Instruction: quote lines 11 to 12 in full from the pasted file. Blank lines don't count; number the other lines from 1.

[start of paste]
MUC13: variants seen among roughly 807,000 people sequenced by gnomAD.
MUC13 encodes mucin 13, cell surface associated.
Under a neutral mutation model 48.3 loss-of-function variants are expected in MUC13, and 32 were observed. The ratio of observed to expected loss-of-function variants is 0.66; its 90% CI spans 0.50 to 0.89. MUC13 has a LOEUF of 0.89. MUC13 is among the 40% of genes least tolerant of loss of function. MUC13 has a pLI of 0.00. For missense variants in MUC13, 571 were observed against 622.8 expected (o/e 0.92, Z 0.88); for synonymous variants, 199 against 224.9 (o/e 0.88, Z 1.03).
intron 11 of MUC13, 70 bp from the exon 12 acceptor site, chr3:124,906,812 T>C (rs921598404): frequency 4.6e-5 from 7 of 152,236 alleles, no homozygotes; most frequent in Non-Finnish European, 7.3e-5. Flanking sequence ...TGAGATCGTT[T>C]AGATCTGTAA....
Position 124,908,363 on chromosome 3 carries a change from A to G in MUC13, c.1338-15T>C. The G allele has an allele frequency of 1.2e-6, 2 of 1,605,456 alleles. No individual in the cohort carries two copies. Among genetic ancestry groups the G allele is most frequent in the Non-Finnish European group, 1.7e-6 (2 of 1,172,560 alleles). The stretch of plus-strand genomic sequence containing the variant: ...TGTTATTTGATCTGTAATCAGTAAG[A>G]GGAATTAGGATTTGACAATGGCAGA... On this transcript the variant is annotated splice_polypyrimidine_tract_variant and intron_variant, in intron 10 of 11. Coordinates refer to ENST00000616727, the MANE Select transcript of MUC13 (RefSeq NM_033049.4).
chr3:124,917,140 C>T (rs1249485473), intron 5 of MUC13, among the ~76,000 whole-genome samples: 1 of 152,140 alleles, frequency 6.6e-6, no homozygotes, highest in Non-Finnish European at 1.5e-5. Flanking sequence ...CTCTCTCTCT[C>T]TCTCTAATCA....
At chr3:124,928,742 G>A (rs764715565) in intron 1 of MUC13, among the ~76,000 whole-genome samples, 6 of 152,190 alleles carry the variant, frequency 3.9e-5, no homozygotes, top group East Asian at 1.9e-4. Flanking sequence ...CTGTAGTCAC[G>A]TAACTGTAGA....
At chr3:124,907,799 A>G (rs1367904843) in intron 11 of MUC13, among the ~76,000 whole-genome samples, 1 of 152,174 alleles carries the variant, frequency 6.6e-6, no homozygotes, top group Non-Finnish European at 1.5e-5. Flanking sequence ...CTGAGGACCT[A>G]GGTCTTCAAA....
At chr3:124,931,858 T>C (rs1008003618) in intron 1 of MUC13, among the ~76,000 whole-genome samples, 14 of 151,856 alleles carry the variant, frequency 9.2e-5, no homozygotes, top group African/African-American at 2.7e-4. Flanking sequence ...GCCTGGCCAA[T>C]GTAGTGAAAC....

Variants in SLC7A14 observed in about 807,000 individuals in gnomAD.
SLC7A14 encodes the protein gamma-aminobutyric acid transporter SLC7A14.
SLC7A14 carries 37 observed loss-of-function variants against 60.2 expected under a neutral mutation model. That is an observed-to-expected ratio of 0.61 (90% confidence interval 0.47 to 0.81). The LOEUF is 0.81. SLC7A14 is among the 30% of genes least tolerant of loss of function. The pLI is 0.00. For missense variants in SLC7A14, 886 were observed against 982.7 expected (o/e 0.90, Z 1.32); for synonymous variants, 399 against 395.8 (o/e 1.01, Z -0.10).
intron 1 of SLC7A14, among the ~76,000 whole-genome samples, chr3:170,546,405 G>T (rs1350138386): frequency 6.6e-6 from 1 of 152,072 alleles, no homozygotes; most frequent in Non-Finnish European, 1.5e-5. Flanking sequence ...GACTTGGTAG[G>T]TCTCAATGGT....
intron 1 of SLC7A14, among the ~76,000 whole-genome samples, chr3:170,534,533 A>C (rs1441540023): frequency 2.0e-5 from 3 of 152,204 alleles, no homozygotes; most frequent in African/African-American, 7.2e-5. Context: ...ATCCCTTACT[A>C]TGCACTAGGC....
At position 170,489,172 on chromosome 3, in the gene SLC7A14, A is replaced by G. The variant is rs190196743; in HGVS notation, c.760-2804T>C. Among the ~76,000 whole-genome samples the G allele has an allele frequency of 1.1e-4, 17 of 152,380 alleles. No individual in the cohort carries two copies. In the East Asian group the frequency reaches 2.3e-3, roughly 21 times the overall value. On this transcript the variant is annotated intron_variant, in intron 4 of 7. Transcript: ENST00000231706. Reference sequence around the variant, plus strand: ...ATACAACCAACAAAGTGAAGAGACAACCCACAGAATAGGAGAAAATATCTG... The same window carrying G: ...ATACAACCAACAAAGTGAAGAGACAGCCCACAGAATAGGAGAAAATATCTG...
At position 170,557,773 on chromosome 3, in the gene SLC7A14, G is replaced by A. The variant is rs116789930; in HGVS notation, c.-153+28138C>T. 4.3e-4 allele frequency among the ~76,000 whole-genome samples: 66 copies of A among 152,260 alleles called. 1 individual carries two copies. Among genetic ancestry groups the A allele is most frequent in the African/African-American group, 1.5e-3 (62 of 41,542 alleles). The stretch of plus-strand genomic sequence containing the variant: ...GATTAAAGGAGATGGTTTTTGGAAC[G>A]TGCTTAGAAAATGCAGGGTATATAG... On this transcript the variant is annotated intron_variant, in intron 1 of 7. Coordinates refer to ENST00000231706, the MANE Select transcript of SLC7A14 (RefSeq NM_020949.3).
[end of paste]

SLC7A14 encodes the protein gamma-aminobutyric acid transporter SLC7A14.
SLC7A14 carries 37 observed loss-of-function variants against 60.2 expected under a neutral mutation model. That is an observed-to-expected ratio of 0.61 (90% confidence interval 0.47 to 0.81). The LOEUF is 0.81. SLC7A14 is among the 30% of genes least tolerant of loss of function. The pLI is 0.00. For missense variants in SLC7A14, 886 were observed against 982.7 expected (o/e 0.90, Z 1.32); for synonymous variants, 399 against 395.8 (o/e 1.01, Z -0.10).